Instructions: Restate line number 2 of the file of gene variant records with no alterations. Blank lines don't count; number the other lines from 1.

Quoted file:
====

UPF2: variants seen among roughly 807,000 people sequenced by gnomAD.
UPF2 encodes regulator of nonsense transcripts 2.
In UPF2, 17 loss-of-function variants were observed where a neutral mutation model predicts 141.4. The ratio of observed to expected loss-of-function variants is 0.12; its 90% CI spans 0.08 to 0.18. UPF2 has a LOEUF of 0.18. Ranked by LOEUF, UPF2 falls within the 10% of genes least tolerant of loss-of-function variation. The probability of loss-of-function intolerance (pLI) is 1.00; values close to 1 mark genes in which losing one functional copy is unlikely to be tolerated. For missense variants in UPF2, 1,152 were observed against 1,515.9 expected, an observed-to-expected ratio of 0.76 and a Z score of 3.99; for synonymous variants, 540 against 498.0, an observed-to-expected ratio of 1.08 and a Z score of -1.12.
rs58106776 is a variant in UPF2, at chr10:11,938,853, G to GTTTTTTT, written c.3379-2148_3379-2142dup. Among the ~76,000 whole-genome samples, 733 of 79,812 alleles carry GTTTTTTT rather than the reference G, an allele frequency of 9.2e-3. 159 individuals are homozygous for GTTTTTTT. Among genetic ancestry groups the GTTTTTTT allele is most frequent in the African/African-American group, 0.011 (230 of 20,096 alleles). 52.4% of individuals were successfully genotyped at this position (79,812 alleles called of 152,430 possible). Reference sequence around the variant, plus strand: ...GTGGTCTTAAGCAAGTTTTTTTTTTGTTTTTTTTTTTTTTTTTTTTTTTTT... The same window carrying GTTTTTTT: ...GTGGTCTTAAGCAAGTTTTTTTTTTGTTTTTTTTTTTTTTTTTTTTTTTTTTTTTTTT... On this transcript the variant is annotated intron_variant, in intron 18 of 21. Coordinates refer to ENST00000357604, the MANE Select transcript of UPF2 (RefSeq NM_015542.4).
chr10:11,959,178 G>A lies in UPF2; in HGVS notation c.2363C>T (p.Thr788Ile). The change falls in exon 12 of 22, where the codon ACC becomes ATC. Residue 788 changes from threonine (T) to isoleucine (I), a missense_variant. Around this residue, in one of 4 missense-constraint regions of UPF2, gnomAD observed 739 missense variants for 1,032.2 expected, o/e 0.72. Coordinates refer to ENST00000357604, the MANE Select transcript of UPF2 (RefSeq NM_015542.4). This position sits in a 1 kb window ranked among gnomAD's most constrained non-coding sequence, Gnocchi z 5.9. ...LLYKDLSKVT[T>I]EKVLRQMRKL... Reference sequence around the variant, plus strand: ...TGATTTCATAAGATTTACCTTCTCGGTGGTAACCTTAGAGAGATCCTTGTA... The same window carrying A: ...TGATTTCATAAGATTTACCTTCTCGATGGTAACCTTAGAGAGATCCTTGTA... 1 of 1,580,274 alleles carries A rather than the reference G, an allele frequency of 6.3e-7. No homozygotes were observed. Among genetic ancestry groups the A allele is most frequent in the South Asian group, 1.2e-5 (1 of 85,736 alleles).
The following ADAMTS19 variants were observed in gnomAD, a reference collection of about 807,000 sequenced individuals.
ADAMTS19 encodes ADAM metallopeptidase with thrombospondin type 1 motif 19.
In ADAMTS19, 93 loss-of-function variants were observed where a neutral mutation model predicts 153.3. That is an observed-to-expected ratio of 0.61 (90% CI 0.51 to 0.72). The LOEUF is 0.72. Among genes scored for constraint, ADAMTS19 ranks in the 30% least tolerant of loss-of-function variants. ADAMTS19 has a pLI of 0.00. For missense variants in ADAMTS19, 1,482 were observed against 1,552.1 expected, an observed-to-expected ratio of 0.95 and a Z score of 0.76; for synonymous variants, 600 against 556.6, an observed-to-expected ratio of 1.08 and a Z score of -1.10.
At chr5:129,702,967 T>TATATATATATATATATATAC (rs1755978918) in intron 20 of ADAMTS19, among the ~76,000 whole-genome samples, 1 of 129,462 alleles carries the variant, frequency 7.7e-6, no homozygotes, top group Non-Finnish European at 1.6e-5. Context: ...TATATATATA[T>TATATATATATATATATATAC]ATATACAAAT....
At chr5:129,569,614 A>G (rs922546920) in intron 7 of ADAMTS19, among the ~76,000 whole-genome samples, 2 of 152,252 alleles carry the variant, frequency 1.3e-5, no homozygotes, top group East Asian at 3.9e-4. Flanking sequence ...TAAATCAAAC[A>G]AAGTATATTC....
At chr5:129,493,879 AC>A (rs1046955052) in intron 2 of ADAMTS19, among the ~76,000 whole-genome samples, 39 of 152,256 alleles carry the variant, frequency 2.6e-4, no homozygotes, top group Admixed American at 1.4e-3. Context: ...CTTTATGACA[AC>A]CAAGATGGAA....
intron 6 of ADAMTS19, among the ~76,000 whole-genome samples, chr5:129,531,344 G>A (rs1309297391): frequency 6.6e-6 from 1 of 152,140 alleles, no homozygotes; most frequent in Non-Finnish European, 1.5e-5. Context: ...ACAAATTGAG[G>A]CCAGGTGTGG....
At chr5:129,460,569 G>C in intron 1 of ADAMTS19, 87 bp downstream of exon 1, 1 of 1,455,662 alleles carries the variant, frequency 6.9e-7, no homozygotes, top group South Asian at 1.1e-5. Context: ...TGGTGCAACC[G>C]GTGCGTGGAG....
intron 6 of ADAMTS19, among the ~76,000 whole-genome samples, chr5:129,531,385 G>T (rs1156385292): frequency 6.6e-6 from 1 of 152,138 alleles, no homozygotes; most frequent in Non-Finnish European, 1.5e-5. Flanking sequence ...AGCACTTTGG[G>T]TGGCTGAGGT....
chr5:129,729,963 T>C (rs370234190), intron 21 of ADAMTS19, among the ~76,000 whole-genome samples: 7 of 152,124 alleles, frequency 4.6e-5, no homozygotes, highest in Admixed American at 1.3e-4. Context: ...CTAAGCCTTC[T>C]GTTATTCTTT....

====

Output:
UPF2 encodes regulator of nonsense transcripts 2.